Tip #2 Set limits on your screen-time as a family: Here’s the thing. Children were already getting too much screen-time before the schools closed. While some people have called for a “just do what you gotta do” attitude (like Kate Schweitzer, quoting Lindsay Powers, author of You Can’t F*ck up Your Kids), from a developmental lens, research and practice both tell us that we need to continue to think critically about screens in our homes. One thing we can’t do is throw our screen-time rules and expectations out the window. If anything, it’s time to collaborate with our children on intentions around screen-time. Use tools like this guide from Common-Sense Media to determine what works best for your family. They recommend no more than 1 hour of media for children ages 2-5. Pandemic might say 2 hours. Just not 7.
Whatever you choose during this challenging time, aim to tune in to your child’s emotions around screens. Are they getting grumpy after 2 hours of shows? Cut it down or break it up with outside play or bath time. Are they shutting down after video games? Create a plan. I’m a big believer in screen-free activities like these ones from Screen-Free Parenting to amplify the fun and, ultimately, improve the emotional well-being of kiddos.
In her Popsugar editorial, Schweitzer writes, “Whatever notions you had about screen time should be tossed aside for a survivalist strategy that simply gets everyone in your house through the day.” Everything we know about child development says otherwise. In fact, simply handing over the screen without boundaries may cause an even bigger trauma response in children. It will not provide them with the tools to cope. Nor does it respect children and their level of resilience and creativity. Discuss as a family. Set an intention. You can do it.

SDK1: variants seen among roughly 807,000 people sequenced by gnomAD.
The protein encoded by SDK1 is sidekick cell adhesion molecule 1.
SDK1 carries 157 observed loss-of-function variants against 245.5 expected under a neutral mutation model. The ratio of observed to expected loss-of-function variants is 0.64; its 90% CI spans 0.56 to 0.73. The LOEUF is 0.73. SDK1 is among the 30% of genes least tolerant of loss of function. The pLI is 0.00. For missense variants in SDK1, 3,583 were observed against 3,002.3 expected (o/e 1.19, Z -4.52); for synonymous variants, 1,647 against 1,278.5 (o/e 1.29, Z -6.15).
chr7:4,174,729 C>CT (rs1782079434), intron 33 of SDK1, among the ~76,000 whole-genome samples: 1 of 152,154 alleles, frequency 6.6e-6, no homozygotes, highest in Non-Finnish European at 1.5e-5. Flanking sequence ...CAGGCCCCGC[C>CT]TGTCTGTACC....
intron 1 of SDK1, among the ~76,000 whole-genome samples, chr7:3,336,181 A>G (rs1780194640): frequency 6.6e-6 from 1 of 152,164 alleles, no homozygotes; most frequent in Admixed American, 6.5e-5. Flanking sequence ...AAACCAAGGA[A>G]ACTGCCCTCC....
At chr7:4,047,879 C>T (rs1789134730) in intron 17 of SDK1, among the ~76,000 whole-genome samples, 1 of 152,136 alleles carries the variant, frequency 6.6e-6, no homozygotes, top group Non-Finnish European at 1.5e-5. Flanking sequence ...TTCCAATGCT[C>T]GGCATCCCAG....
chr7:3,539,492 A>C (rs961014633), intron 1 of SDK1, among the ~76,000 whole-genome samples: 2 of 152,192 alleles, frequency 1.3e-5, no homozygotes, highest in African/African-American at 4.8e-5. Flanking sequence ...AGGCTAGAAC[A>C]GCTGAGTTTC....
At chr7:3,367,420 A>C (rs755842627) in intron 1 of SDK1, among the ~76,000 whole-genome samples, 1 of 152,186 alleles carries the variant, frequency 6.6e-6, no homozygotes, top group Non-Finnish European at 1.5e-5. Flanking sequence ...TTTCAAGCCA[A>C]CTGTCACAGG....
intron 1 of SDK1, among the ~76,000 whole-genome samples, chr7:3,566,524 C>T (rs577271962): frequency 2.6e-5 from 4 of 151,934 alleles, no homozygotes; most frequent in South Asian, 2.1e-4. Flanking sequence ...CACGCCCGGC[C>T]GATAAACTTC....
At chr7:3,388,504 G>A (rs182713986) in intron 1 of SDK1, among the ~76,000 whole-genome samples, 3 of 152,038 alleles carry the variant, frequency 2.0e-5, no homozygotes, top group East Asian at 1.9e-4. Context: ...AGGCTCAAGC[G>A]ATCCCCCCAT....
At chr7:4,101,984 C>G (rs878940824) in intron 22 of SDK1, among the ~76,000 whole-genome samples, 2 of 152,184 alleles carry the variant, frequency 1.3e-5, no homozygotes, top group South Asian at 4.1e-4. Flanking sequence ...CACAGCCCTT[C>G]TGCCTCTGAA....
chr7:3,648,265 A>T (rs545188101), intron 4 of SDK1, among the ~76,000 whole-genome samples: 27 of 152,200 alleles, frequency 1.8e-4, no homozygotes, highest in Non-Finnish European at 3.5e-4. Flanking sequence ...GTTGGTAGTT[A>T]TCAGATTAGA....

Tip #3 Underschedule your time & decrease the pressure for academics: As an early childhood educator and researcher, I know play is learning. Play is a medium for meaningful social relationships, future careers, and discovery. Over the past decades, play has been stripped from our classroom spaces. Recess is now used as a reward and academics are pushed down to younger and younger grades. Perhaps this is the time for the resurgence of play in childhood. Albeit, it may be solitary or it may involve yelling to the neighbors across the street, but play is the work of childhood.
So, take the pressure off yourself to become a homeschool teacher and give kids the chance to play (preferably screen-free). Schedules like this one offer some play time balanced with academics. It’s important that children know what to expect each day (but also important not to over-schedule). See if you can combine the two. Invite the kids to make plans for how they will play, what theories they might test when they play, and talk about it when they are done. (Fun fact: that’s the scientific method!) Give them the space they deserve during this time. Trust me, they won’t fall behind when they go back; they won’t gain a disadvantage. Give them the space to play.